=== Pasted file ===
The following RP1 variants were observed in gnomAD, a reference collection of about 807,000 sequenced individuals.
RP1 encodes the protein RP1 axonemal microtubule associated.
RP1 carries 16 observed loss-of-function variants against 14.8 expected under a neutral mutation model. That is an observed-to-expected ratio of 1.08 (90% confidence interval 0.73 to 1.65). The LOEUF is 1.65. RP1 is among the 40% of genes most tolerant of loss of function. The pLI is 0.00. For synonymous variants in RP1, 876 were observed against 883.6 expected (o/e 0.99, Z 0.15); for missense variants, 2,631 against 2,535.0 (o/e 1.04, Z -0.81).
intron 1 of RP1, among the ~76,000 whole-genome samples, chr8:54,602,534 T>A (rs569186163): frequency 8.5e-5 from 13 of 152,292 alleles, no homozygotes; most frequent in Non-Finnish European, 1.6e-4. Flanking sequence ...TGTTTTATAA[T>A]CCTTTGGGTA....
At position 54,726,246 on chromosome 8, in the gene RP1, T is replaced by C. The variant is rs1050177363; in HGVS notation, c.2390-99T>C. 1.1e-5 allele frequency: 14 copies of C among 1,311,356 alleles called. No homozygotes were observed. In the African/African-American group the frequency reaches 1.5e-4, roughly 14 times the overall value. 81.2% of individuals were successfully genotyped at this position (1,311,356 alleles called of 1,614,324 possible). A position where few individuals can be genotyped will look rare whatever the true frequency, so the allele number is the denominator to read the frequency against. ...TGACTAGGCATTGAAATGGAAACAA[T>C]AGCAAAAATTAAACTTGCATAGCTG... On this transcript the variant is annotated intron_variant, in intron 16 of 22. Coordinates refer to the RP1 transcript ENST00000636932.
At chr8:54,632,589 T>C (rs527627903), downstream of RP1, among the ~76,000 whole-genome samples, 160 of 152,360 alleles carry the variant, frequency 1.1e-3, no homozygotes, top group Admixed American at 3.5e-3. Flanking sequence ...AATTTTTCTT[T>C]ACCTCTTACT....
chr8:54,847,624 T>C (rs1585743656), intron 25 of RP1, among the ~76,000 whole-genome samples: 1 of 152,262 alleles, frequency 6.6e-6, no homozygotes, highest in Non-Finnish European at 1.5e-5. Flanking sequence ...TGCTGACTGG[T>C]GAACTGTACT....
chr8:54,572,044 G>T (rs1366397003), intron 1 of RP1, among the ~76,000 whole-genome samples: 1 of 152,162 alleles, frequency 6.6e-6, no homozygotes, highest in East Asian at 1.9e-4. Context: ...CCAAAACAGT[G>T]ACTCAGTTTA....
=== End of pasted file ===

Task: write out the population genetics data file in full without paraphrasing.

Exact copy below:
The following RP1 variants were observed in gnomAD, a reference collection of about 807,000 sequenced individuals.
RP1 encodes the protein RP1 axonemal microtubule associated.
RP1 carries 16 observed loss-of-function variants against 14.8 expected under a neutral mutation model. That is an observed-to-expected ratio of 1.08 (90% confidence interval 0.73 to 1.65). The LOEUF is 1.65. RP1 is among the 40% of genes most tolerant of loss of function. The pLI is 0.00. For synonymous variants in RP1, 876 were observed against 883.6 expected (o/e 0.99, Z 0.15); for missense variants, 2,631 against 2,535.0 (o/e 1.04, Z -0.81).
intron 1 of RP1, among the ~76,000 whole-genome samples, chr8:54,602,534 T>A (rs569186163): frequency 8.5e-5 from 13 of 152,292 alleles, no homozygotes; most frequent in Non-Finnish European, 1.6e-4. Flanking sequence ...TGTTTTATAA[T>A]CCTTTGGGTA....
At position 54,726,246 on chromosome 8, in the gene RP1, T is replaced by C. The variant is rs1050177363; in HGVS notation, c.2390-99T>C. 1.1e-5 allele frequency: 14 copies of C among 1,311,356 alleles called. No homozygotes were observed. In the African/African-American group the frequency reaches 1.5e-4, roughly 14 times the overall value. 81.2% of individuals were successfully genotyped at this position (1,311,356 alleles called of 1,614,324 possible). A position where few individuals can be genotyped will look rare whatever the true frequency, so the allele number is the denominator to read the frequency against. ...TGACTAGGCATTGAAATGGAAACAA[T>C]AGCAAAAATTAAACTTGCATAGCTG... On this transcript the variant is annotated intron_variant, in intron 16 of 22. Coordinates refer to the RP1 transcript ENST00000636932.
At chr8:54,632,589 T>C (rs527627903), downstream of RP1, among the ~76,000 whole-genome samples, 160 of 152,360 alleles carry the variant, frequency 1.1e-3, no homozygotes, top group Admixed American at 3.5e-3. Flanking sequence ...AATTTTTCTT[T>C]ACCTCTTACT....
chr8:54,847,624 T>C (rs1585743656), intron 25 of RP1, among the ~76,000 whole-genome samples: 1 of 152,262 alleles, frequency 6.6e-6, no homozygotes, highest in Non-Finnish European at 1.5e-5. Flanking sequence ...TGCTGACTGG[T>C]GAACTGTACT....
chr8:54,572,044 G>T (rs1366397003), intron 1 of RP1, among the ~76,000 whole-genome samples: 1 of 152,162 alleles, frequency 6.6e-6, no homozygotes, highest in East Asian at 1.9e-4. Context: ...CCAAAACAGT[G>T]ACTCAGTTTA....